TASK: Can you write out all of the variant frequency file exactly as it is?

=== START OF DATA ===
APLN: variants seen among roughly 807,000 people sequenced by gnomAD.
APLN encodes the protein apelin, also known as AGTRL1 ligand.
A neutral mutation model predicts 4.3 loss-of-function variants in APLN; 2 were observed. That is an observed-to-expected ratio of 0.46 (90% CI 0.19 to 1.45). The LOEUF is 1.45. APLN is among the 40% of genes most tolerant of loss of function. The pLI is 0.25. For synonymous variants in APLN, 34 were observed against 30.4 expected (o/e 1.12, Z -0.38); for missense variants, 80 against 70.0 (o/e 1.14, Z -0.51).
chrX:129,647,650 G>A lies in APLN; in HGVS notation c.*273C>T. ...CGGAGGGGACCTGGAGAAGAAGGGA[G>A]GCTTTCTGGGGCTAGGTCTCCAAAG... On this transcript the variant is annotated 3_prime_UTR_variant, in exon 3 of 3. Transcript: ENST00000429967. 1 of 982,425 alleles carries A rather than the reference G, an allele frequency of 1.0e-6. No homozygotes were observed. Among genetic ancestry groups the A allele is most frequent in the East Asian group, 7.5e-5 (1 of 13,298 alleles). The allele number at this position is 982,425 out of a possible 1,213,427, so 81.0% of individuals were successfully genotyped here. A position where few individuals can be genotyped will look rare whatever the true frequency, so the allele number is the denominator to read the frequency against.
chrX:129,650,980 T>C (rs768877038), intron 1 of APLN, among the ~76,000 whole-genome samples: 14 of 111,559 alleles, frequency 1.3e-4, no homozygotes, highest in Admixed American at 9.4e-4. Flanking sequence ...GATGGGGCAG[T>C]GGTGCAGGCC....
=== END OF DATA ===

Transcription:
APLN: variants seen among roughly 807,000 people sequenced by gnomAD.
APLN encodes the protein apelin, also known as AGTRL1 ligand.
A neutral mutation model predicts 4.3 loss-of-function variants in APLN; 2 were observed. That is an observed-to-expected ratio of 0.46 (90% CI 0.19 to 1.45). The LOEUF is 1.45. APLN is among the 40% of genes most tolerant of loss of function. The pLI is 0.25. For synonymous variants in APLN, 34 were observed against 30.4 expected (o/e 1.12, Z -0.38); for missense variants, 80 against 70.0 (o/e 1.14, Z -0.51).
chrX:129,647,650 G>A lies in APLN; in HGVS notation c.*273C>T. ...CGGAGGGGACCTGGAGAAGAAGGGA[G>A]GCTTTCTGGGGCTAGGTCTCCAAAG... On this transcript the variant is annotated 3_prime_UTR_variant, in exon 3 of 3. Transcript: ENST00000429967. 1 of 982,425 alleles carries A rather than the reference G, an allele frequency of 1.0e-6. No homozygotes were observed. Among genetic ancestry groups the A allele is most frequent in the East Asian group, 7.5e-5 (1 of 13,298 alleles). The allele number at this position is 982,425 out of a possible 1,213,427, so 81.0% of individuals were successfully genotyped here. A position where few individuals can be genotyped will look rare whatever the true frequency, so the allele number is the denominator to read the frequency against.
chrX:129,650,980 T>C (rs768877038), intron 1 of APLN, among the ~76,000 whole-genome samples: 14 of 111,559 alleles, frequency 1.3e-4, no homozygotes, highest in Admixed American at 9.4e-4. Flanking sequence ...GATGGGGCAG[T>C]GGTGCAGGCC....